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Sexed by Susanna Rustin Review: The Fraught Battle for Feminism
Josephine Butler fought for the repeal of the Contagious Diseases Acts of the 1860s. Photograph: Science History Images/Alamy

Sex and gender have emerged as pivotal issues in the general election, underscoring the timely relevance of Susanna Rustin’s insightful book, Sexed: A History of British Feminism. Kemi Badenoch, the women and equalities minister, has pledged that the Conservatives will reinforce existing rights to single-sex spaces in places like prisons and refuges, accessible only by biological women. She staunchly defends the belief that “biological sex is real, important, immutable and not to be conflated with gender identity", a perspective already legally protected in the UK.

On the other hand, Labour has somewhat ambiguously committed to modernizing the 2004 Gender Recognition Act. This includes a shift from allowing self-identification of gender without medical evidence to maintaining the need for such evidence, avoiding questions like “Can a woman have a penis?"

According to Rustin, sex-based rights are fundamental to feminism, and defending these rights isn’t transphobic. She argues that the advocacy for these rights has sparked a decade-long grassroots revival of the women’s movement. This includes landmark cases like Maya Forstater’s, which established that it is illegal to discriminate against holders of gender-critical views.

The debate, however, remains heated and contentious, marked by insults, false accusations, damaged reputations, lost careers, and canceled events. Defenders of sex as a protected characteristic under the 2010 Equality Act have been labeled as Terfs (trans-exclusionary radical feminists). Rustin contends that biology must be acknowledged for practical reasons, such as addressing female cancers, birth control, fertility, and male violence against women and girls.

Conversely, some trans activists and academics argue that sex is already intertwined with gender. They believe identity is a matter of choice, even if it means that a convicted male sex offender self-identifying as a woman has the right to be in a women’s prison. Gender-critical feminists like Rustin argue that as long as patriarchy exists, biological women deserve protection from its excesses.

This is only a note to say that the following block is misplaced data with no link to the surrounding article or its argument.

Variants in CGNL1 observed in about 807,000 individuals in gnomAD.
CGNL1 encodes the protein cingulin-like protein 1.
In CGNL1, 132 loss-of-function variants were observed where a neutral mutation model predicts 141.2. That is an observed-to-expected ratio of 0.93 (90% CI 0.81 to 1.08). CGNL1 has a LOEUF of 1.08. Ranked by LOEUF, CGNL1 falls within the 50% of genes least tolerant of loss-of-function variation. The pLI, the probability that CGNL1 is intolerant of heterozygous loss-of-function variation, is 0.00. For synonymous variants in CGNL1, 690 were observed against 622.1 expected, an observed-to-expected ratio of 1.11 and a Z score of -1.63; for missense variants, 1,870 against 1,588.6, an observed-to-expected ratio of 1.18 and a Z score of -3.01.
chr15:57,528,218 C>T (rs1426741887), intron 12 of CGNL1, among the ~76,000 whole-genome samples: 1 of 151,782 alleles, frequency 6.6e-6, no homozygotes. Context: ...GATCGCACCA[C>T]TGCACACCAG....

In Sexed, Rustin delves into why the current feminist focus is so tightly wound around sex and gender, amidst other inequalities that persist. Her book traverses 230 years of feminism, starting with Mary Wollstonecraft’s 1792 A Vindication of the Rights of Women, moving through the developments in feminist economics, and culminating in today’s sex-based rights movement.

Rustin organizes her examination into bite-sized chapters focusing on different facets like rebels, crusaders, suffragists, and housewives. This structured approach tries to make sense of the chaotic and contradictory nature of feminism throughout history.

An underlying theme of the book is the paradox at feminism’s core. Women have been treated as "other" than men, seen as inferior both mentally and physically, supposedly better suited to domestic life. Yet there has been a movement towards shedding these man-made notions of femininity to gain equality. By doing so, Rustin suggests, distinctions between biological men and women have been blurred over the years. Notably, in 1932, Winifred Holtby suggested replacing “sex” with “gender” to shed the biological connotations that held women back.

Readers, whether seasoned feminists or newcomers, will find valuable insights in Rustin’s Sexed. It is a tribute to the pioneers of the women’s movement who broke into male-exclusive spaces. For instance, Barbara Bodichon co-founded Girton College, Cambridge, and launched the English Woman’s Journal in the 1850s, which covered topics like poverty, factory conditions, sex work, and politics.

Josephine Butler led the campaign to repeal the Contagious Diseases Acts of the 1860s, which mandated compulsory checks for sex workers but not their clients. Her campaign was significant as it showcased the radical direct-action tactics of the British women’s movement, influencing future suffragettes.

Feminism, as Rustin emphasizes, is more than just about individual figures, no matter how charismatic. The dynamic involves constant division and dispute between radical separatists and more conservative elements. Rustin firmly believes that reconciling the needs of feminists advocating for sex-based rights and transgender people seeking recognition of their gender identity is possible. How this can be achieved remains open to discussion.

Despite the current climate, Rustin remains optimistic about the future for women and girls. Her book, Sexed, serves as a potent reminder of the significant strides women have achieved in the face of adversity, driven by a sense of injustice. This enduring spirit is why pessimism rarely finds a place in the women’s movement.

Source: Guardian, Science History Images/Alamy